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Remember Bataan, Never Forget!


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ASMIC2971

I was a 21 year old PFC reporting to my unit, I left in processing with the reminder to “Remember Bataan, Never Forget”


SSG James McComas was born in Brainerd, Minnesota and at some point joined the MN National Guard. He was one of the original members of A Company 194th Tank Battalion who were sent to the Philippines. After the war broke out he spent the early months of 1942 fighting on Bataan. Two of his tank crew were killed on Bataan, he would survive the fighting. 

He survived fighting on Bataan only to be greeted with the Death March, of which he survived as well. James would see many men die in the POW camps on the Philippines, but himself he would survive. 

Eventually James was put on the Hell Ship the Erie Maru along with 749 other POWs. The use of unmarked ships wasn’t new to the Japanese, the US Navy knew that as well but couldn’t confirm which ships were carrying POWs, so luck played into James’s hand again. 

His Hell Ship was sunk by a US Submarine, of the 750 men on board, James would survive the sinking and future machine gunning of survivors by the Japanese. 

Luck played one last fortune for James as he was picked up by Filipino guerrilla and made his way back to Minnesota. 

Of the 58 Brainerd Boys who marched into captivity 79 years ago on this date, James was one of the 31 who made it home alive. 

“Remember Bataan, Never Forget” I know I won’t, will you?

BC284F15-7332-41A4-90D0-D144B8257921.jpeg

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Wharfmaster

Retribution is mine sayeth the B-29.

 

NEVER forget.

 

 

W

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Jim McComas came home and was the sad bearer of the news that many of the Brainerd men were never going to come home; killed before the surrender while fighting, dying as POWs in camps and on the Death March, and being killed on “Hell Ships”.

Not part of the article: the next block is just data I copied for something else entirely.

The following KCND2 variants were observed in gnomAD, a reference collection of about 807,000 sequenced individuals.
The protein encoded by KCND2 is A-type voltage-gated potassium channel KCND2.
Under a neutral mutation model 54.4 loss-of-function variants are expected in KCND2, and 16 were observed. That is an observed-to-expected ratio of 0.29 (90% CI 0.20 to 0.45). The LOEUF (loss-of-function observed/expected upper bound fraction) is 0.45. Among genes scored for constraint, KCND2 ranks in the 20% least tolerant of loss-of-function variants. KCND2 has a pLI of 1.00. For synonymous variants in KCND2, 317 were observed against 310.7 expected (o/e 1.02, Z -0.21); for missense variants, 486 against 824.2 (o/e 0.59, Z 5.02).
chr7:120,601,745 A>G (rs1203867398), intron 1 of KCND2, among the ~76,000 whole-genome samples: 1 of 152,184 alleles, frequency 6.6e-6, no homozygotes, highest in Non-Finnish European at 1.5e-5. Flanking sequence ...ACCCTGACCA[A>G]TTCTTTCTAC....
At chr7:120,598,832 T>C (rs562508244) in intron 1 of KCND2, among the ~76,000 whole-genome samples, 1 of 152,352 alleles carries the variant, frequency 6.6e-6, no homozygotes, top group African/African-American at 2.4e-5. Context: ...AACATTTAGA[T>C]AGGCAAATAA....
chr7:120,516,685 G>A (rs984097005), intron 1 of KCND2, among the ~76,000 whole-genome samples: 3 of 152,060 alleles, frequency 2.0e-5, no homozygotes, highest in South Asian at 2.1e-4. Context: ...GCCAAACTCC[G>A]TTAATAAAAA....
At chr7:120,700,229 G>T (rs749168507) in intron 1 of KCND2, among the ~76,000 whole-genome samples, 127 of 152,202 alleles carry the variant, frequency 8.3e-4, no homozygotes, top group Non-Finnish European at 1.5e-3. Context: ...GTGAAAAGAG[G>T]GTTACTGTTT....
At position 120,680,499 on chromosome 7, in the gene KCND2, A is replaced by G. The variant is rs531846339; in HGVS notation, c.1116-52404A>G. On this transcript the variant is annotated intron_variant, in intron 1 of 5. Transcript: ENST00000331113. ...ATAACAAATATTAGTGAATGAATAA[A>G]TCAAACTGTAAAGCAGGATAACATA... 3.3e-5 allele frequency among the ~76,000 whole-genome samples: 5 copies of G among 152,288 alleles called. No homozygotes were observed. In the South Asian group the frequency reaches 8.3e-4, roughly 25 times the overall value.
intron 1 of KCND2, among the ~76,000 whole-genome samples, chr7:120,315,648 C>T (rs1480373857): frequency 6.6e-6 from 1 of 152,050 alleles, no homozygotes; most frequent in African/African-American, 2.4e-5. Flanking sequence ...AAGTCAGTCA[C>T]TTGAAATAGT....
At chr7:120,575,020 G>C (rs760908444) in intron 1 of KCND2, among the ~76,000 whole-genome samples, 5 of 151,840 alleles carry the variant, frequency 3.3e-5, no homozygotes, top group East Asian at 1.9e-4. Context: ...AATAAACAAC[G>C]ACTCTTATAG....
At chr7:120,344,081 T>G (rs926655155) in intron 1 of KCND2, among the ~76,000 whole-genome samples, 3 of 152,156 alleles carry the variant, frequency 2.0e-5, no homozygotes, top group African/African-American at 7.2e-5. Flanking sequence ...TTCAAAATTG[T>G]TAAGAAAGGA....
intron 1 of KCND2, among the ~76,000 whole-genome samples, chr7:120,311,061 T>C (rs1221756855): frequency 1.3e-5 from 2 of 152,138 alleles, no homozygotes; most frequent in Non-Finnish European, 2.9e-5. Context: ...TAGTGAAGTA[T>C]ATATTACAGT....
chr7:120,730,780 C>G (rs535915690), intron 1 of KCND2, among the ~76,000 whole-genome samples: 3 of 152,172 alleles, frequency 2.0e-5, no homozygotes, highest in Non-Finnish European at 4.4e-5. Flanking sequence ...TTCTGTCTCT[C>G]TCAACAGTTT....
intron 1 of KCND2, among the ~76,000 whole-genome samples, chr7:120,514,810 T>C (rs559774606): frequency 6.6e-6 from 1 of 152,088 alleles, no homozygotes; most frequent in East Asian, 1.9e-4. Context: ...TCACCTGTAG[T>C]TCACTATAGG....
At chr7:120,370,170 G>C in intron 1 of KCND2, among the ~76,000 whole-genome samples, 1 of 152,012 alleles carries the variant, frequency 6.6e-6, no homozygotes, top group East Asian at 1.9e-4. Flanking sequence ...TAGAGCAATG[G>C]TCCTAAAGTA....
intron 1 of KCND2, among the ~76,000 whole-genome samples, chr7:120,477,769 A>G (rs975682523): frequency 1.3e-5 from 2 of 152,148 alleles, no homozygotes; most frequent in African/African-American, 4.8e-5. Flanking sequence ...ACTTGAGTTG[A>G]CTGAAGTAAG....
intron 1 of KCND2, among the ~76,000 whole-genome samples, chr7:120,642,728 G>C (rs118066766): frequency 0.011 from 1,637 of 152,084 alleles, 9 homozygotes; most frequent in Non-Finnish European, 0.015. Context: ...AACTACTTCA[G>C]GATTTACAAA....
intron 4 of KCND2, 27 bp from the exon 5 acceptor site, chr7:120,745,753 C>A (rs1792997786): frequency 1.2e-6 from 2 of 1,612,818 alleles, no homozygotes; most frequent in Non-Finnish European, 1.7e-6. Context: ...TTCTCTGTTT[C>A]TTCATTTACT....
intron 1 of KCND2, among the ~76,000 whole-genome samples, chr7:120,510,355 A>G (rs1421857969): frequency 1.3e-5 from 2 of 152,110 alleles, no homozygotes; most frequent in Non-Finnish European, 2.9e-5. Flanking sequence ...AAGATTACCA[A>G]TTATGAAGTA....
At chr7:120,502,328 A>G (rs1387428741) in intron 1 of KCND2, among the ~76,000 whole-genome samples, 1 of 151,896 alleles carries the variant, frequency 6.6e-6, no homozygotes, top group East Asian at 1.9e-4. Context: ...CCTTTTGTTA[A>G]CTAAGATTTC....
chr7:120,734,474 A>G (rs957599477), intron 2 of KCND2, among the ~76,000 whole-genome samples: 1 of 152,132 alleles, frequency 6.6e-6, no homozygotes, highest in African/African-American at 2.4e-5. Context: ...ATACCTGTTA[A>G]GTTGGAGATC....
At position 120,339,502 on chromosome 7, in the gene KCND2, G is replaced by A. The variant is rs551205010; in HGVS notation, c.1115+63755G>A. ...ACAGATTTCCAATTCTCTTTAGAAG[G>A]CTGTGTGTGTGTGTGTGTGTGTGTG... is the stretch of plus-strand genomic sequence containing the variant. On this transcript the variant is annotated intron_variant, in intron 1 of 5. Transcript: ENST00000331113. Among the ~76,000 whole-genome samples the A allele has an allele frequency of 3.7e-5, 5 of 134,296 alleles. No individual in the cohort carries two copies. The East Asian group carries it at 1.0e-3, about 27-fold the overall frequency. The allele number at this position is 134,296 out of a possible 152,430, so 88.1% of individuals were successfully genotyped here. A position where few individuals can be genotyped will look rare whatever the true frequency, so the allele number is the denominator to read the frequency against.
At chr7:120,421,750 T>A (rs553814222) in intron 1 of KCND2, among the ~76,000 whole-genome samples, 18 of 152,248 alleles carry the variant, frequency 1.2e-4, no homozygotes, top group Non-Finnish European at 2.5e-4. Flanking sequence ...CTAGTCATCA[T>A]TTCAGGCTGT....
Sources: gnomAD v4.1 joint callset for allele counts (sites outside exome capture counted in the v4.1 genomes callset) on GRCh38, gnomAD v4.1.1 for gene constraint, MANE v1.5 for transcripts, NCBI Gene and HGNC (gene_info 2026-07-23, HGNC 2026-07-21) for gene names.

His escape was big news in Brainerd and of course to the US Army as well, as his post escape debrief and the info he passed on brought confirmation of and details about the absolute savagery of the Japanese who ran the camps and dealt with the POWs.

 

He spent his life after the war as a Police Officer serving the citizens of Brainerd. He died young, at age 51, in 1971 and is buried at Fort Snelling. I would assume that the war played a role in his dying young, probably before he could even retire. Rest easy.

 

Of all the Brainerd men in the 194th, only one remains. 

 

 

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ASMIC2971
On 4/10/2021 at 9:17 PM, MWalsh said:

Jim McComas came home and was the sad bearer of the news that many of the Brainerd men were never going to come home; killed before the surrender while fighting, dying as POWs in camps and on the Death March, and being killed on “Hell Ships”. 

 

His escape was big news in Brainerd and of course to the US Army as well, as his post escape debrief and the info he passed on brought confirmation of and details about the absolute savagery of the Japanese who ran the camps and dealt with the POWs.

 

He spent his life after the war as a Police Officer serving the citizens of Brainerd. He died young, at age 51, in 1971 and is buried at Fort Snelling. I would assume that the war played a role in his dying young, probably before he could even retire. Rest easy.

 

Of all the Brainerd men in the 194th, only one remains. 

 

 


You’re correct on that as well, his life outside WWII are parts I’m still filling in on my research quest. 
 

James was an advocate for the current memorial outside of the Brainerd Armory at the same location of the award ceremony where his family would have received this citation in 1984. 

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Thor996

Thank you for posting the remembrance. So horrible what those men suffered over there in the PI both during the war and after.

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Salvage Sailor

They were remembered, and avenged

 

BATAAN MEMORIAL SOCIETY, 1945

 

Bataan Memorial Society 005.jpg

 

Bataan Memorial Society 004a.jpg

 

Bataan Memorial Society 003.jpg

 

Bataan Memorial Society 001.jpg

 

 

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I got to ride around Bataan in a jeepney 30 years ago.  It's one hell of a place to fight a battle in. 

Mikie

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Oddly enough, Major Mike Dobervich, a Philippines USMC POW, of Ironton, MN, escaped the Phillipines prior to James McComas. Ironton is close to Brainerd.

 

Dobervich escaped with Colonel William Dyess. A book details their escape.

 

Dobervich came home to the Brainerd area before McComas, and although he had nothing to do with the 194th men, what he reported had happened to the POWs in the Philippines must have been terrifying to those who had men in the 194th, since nearly nothing was at the time known of their fate. 

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The Dobervich family sent six sons off to war, Mike was a POW and escaped, his brother Sam was a Marine LT who was KIA on Iwo Jima.

 

History rightly remembers “The Bedford Boys” for their sacrifice and losses on D-Day with the 29th Division.

 

For some reason Brainerd has been forgotten except by a few. Not only did the sacrifice of the 194th in the Philippines take a lot of their men, but the rest of the war did not spare Brainerd their share of additional losses around the world while in the armed forces.

 

Brainerd paid dearly.

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